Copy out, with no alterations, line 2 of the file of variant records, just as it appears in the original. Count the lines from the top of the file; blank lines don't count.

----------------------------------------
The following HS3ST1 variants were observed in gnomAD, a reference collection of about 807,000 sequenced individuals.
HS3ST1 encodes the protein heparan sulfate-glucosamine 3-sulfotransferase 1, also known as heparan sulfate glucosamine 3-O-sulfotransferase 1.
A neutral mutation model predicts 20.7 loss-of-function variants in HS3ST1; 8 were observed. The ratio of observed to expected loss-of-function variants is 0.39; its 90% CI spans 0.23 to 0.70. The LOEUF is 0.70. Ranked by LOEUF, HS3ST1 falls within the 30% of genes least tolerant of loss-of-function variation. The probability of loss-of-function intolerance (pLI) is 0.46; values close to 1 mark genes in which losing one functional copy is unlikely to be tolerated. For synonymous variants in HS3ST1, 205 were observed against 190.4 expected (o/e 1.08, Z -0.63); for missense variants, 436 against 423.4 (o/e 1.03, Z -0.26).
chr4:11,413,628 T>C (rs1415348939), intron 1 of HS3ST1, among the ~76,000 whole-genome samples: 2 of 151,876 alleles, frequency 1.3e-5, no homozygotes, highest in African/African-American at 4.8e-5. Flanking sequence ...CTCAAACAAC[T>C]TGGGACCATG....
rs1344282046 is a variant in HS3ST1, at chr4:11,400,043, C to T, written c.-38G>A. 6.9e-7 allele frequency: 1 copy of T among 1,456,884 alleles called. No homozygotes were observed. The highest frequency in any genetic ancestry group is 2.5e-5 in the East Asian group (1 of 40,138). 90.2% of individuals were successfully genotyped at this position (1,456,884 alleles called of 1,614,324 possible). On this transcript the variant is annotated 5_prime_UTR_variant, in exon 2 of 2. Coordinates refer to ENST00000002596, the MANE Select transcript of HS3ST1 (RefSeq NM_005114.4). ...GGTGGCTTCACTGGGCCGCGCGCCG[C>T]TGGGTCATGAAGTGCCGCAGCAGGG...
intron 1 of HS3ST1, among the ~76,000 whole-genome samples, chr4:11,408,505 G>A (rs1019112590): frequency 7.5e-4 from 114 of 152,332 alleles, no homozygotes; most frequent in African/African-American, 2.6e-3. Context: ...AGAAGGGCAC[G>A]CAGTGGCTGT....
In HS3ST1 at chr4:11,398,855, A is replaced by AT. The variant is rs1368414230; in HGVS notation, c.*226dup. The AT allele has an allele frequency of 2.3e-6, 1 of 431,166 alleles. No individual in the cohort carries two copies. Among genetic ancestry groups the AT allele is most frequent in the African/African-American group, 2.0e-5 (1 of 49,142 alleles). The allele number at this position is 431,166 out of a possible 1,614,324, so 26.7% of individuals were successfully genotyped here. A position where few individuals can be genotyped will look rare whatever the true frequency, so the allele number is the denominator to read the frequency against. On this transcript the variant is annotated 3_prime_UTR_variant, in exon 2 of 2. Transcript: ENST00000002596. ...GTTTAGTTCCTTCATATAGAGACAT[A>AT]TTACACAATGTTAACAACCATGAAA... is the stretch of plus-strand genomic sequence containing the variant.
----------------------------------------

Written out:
HS3ST1 encodes the protein heparan sulfate-glucosamine 3-sulfotransferase 1, also known as heparan sulfate glucosamine 3-O-sulfotransferase 1.